In the summertime, there is no shortage of things to get involved in outdoors. You can float the river for free, you can mountain bike for free, you can hike and camp for free, and you can toss around a frisbee at one of Bend’s multiple parks for free. There are affordable alternatives that allow you to get in your share of the snow without having to pay an arm and a leg.
Just because there is snow on the the ground, doesn’t mean you can’t get out there and hike. Popular, and often crowded hiking spots, are decidedly less busy come winter and can offer a completely different experience once the mercury has dropped. Additionally, many local trailheads have a reduced, or even free rate, in the winter time. Twenty-four hour snowshoe rentals will run you right around fifteen dollars but if you plan to go more than a couple times, you can easily pick up a used pair for less than 100 dollars.
Estimated cost: free – twenty dollars
Ice Skating is a relatively common sport in the winter time. It is often featured in winter-themed movies and plays. However, to ice skate, despite some romanticized ideals, you’ll need an ice rink in order to be safe. In Bend, there is the ice rink at Inn at the Seventh Mountain. It costs eight dollars for admission and six dollars for ice skate rentals. On Tuesdays, there is a special offer of skates and admission for ten dollars.
The Redmond Ice Rink is also an available option. Located at the Downtown Redmond Plaza on SW 7th Street, admission is only one dollar if you come with your own skates. To rent skates, admission goes up to four dollars and includes skates. They are open from 3 p.m. to 9 p.m. Monday through Thursday and 2 p.m. to 10 p.m. Friday through Sunday. The rink is open to skate for free from 10 a.m. to 1:30 p.m. Monday through Thursday and 10 a.m. to 12:30 p.m. Friday to Sunday, but you’ll have to bring your own skates as the rental booth is closed at that time.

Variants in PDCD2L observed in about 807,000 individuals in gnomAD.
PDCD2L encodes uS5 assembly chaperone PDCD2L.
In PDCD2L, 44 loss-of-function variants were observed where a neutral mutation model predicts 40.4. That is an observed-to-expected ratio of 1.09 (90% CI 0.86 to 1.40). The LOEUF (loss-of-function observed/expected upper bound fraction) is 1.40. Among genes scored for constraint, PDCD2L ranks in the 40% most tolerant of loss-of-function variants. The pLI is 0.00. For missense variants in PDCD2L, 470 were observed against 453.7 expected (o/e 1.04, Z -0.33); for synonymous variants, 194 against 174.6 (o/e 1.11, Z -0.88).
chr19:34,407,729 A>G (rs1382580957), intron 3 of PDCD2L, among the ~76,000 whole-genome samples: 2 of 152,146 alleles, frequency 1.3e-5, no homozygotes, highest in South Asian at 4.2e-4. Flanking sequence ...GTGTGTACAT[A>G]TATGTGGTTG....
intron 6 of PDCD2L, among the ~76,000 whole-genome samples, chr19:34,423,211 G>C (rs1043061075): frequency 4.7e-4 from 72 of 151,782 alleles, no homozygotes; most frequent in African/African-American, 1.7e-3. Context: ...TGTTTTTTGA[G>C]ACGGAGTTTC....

Estimated cost: four – fifteen dollars
In the same way that you can still hike via snowshoeing, one can still satisfy their need to spend a night underneath the stars via snow camping. It is absolutely essential that you go with one who understands the intricacies and dangers of camping in the cold and snow. Take time to educate yourself before making the plunge outside.
Estimated cost: 20 dollars per person, per night, not including equipment
Ski or Ride in 5
Haven’t ever learned to ski or snowboard? Do you think you’d be good at pretending like you had no clue what you were doing? Mt. Bachelor’s Ski or Ride in 5 deal is arguably one of the best learn-to-ski deals in the U.S. For 199 dollars, you get five lessons, five rentals and five lift passes. That’s not all though – upon “graduation” you are gifted a free 12-day pass, as well as half off next season’s pass. Participants under 18 get a free season pass upon completion. When you compare that with just a rental and a lift ticket, it’s easy to see how valuable this route is. Stay tuned for the next issue, where I actually take on learning to ski in the Ski or Ride in 5 program.
Estimated cost: forty dollars per day
If you a made a New Year’s resolution to get outside but already find yourself slipping, taking a class is a great way to force your hand. COCC offers Nordic skiing, Alpine skiing, Snowboarding, and Snowshoeing. While not the best value from a monetary standpoint, it’s a great way to earn credit while learning a new sport in a supportive community environment.
Estimated cost: 100 – 400 dollars, depending on the class
Sledding is another almost free way to enjoy the wintery outdoors in Central Oregon. All it requires is a sled and depending on where you go, a sno-park permit. Wanoga Sno-Park hosts a popular sledding area in Central Oregon. A sno-park permit is required, but it offers a groomed sledding hill along with trails for snowmobiling. It is also open to hiking and dog sledding. Sno-park permits cost three dollars a day, seven dollars for three days or 15 dollars for the season. Sno-park permits are available at local sporting goods stores, the Oregon Department of Motor Vehicles and Forest Service offices.
Estimated cost: free – three dollars
Tim Cachelin and Juli Wright | The Broadside
[Edited by Erika]